When I was younger, I was blissfully unaware of being bullied for my food allergies. My parents took the brunt of the bullying as they tried to protect me from the adults who lacked compassion or education. My public school initially did not want me to enroll. My first day camp even forbid me from coming back, stating that no staff member would give me an Epi-pen even if I was "dying on the floor." There were bullies all around, I was just sheltered from them.
When I was entering Kindergarten, there was a town meeting discussing the impact this food allergic five year old would have on the community. People stood up and publicly talked about how this child, because of her food allergies, would have a negative impact on their children's learning, and their school as a whole. Thanks to the passionate advocacy from my Kindergarten teacher, principal, and school nurse, I was able to enroll in school. I didn't even know this meeting happened until after I graduated from the school district.
Food allergy parents work twice as hard to make their child feel normal and included. I think that's why it hits them so hard the first time the kid is singled out or made fun of for their food allergies.
There have been a lot of situations over the years where I gave someone the benefit of the doubt. I told myself that they thought they were being funny and just didn't understand. But sometimes kids are just mean, and you can see it, and there is no excuse.
One time I specifically remember was in 8th grade. A girl in school decided that she didn't want me to sit at the lunch table. Her big idea was to wait until I was about to sit down, and then crumble a peanut butter cookie all over the table. And she did just that. I froze. I never dealt with someone maliciously using my food allergies against me.
I was lucky I didn't have a stronger allergic reaction, and frankly so was she. I started to feel the hives on my face, and didn't even know how to react to the situation that just unfolded. Luckily, I had some excellent friends, who yelled at her for the severity of her actions and got up to leave. The entire table, except for her, got up and moved with me to a lunch table outside.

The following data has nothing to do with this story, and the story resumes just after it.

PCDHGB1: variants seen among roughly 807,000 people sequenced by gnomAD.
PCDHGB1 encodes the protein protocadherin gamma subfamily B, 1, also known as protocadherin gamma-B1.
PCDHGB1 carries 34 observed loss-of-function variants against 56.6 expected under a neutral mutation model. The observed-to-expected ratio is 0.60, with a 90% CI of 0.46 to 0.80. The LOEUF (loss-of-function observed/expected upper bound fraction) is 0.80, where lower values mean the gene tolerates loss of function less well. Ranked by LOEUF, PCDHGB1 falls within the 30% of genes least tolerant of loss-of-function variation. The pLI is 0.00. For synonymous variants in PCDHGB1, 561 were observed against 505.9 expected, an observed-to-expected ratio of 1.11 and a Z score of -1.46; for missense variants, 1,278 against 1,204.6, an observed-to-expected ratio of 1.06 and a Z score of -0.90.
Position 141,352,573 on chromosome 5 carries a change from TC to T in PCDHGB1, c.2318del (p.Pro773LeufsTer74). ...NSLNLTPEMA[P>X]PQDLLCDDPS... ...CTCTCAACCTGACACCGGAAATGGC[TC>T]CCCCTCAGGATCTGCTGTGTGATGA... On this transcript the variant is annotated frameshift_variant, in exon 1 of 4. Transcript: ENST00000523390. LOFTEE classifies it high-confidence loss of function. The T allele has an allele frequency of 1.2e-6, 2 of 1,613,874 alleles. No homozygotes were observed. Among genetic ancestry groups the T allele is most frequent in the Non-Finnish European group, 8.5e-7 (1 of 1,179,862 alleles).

Because of the seriousness of that situation and my age at the time, I was not able to deal with that food allergy bullying on my own. It took the school nurse, the principal, and all of our parents before an apology was given.
Then there are other situations that aren't crystal clear. Some moments can be viewed as bullying or not, depending how you, as the individual, perceive them. I'm the type of person who likes to laugh things off, so if I can, I likely will go that route.
One of the funnier food allergy memories I have is from my senior year in high school. We had a tradition that when you got into college, your friends bought you cupcakes from the local bakery with the name of your school written on them. With my ever changing list of allergies, nobody was sure if I could eat cupcakes. I walked into my Italian classroom, a close knit group of six students, and they had taped printed out pictures of paper cupcakes to a paper plate to make them stand up. My very own "congratulations." My classmates and teacher looked at me with slight hesitation, unsure how I would take it.
I never laughed so hard. It turned out they also got me some pre-packaged candy they knew was safe, but did not want me to miss out on the cupcake experience.
Some people would have viewed that as insensitive or hurtful, and everyone has the right to react in their own way. But to me, I was so appreciative of them trying to figure out a way to include me in the tradition. I was thrilled that my inability to have the cupcake didn't prevent the experience from happening. I got to do my college cupcake photoshoot for Facebook, just like everyone else, because of some creative kids.
There are days now where I still feel verbally bullied about my food allergies, most of the time by people much older than I am. While I still try to explain, it often ends in frustration, as there are some people who refuse to understand. On those days, I try to remember all the sweet things that people have done for me over the years to make me feel included despite my allergies.
After all these years, those paper cupcakes are still some of the sweetest I've ever had.